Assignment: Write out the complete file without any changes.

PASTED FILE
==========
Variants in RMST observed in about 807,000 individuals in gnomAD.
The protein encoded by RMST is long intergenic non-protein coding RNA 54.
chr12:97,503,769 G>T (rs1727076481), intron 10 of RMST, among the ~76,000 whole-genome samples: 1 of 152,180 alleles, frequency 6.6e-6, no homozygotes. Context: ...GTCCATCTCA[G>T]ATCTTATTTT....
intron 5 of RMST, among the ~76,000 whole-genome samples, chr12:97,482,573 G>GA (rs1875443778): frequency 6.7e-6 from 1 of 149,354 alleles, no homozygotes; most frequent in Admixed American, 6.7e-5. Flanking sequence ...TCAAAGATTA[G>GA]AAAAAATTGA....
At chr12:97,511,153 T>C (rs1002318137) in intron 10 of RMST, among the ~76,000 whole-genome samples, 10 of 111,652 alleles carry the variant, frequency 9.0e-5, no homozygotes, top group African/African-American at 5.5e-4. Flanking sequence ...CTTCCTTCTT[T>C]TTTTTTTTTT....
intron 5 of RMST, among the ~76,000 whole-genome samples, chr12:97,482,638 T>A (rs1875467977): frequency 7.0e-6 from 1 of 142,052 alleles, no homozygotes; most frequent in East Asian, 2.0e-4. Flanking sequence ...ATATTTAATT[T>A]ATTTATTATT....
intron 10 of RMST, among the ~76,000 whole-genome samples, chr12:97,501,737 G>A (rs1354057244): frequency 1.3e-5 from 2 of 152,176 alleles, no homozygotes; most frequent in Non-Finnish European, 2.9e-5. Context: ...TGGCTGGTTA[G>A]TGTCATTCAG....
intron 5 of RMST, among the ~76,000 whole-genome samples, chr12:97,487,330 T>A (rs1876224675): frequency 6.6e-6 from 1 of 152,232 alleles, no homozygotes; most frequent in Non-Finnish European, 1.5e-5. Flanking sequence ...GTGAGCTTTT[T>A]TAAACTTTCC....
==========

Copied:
Variants in RMST observed in about 807,000 individuals in gnomAD.
The protein encoded by RMST is long intergenic non-protein coding RNA 54.
chr12:97,503,769 G>T (rs1727076481), intron 10 of RMST, among the ~76,000 whole-genome samples: 1 of 152,180 alleles, frequency 6.6e-6, no homozygotes. Context: ...GTCCATCTCA[G>T]ATCTTATTTT....
intron 5 of RMST, among the ~76,000 whole-genome samples, chr12:97,482,573 G>GA (rs1875443778): frequency 6.7e-6 from 1 of 149,354 alleles, no homozygotes; most frequent in Admixed American, 6.7e-5. Flanking sequence ...TCAAAGATTA[G>GA]AAAAAATTGA....
At chr12:97,511,153 T>C (rs1002318137) in intron 10 of RMST, among the ~76,000 whole-genome samples, 10 of 111,652 alleles carry the variant, frequency 9.0e-5, no homozygotes, top group African/African-American at 5.5e-4. Flanking sequence ...CTTCCTTCTT[T>C]TTTTTTTTTT....
intron 5 of RMST, among the ~76,000 whole-genome samples, chr12:97,482,638 T>A (rs1875467977): frequency 7.0e-6 from 1 of 142,052 alleles, no homozygotes; most frequent in East Asian, 2.0e-4. Flanking sequence ...ATATTTAATT[T>A]ATTTATTATT....
intron 10 of RMST, among the ~76,000 whole-genome samples, chr12:97,501,737 G>A (rs1354057244): frequency 1.3e-5 from 2 of 152,176 alleles, no homozygotes; most frequent in Non-Finnish European, 2.9e-5. Context: ...TGGCTGGTTA[G>A]TGTCATTCAG....
intron 5 of RMST, among the ~76,000 whole-genome samples, chr12:97,487,330 T>A (rs1876224675): frequency 6.6e-6 from 1 of 152,232 alleles, no homozygotes; most frequent in Non-Finnish European, 1.5e-5. Flanking sequence ...GTGAGCTTTT[T>A]TAAACTTTCC....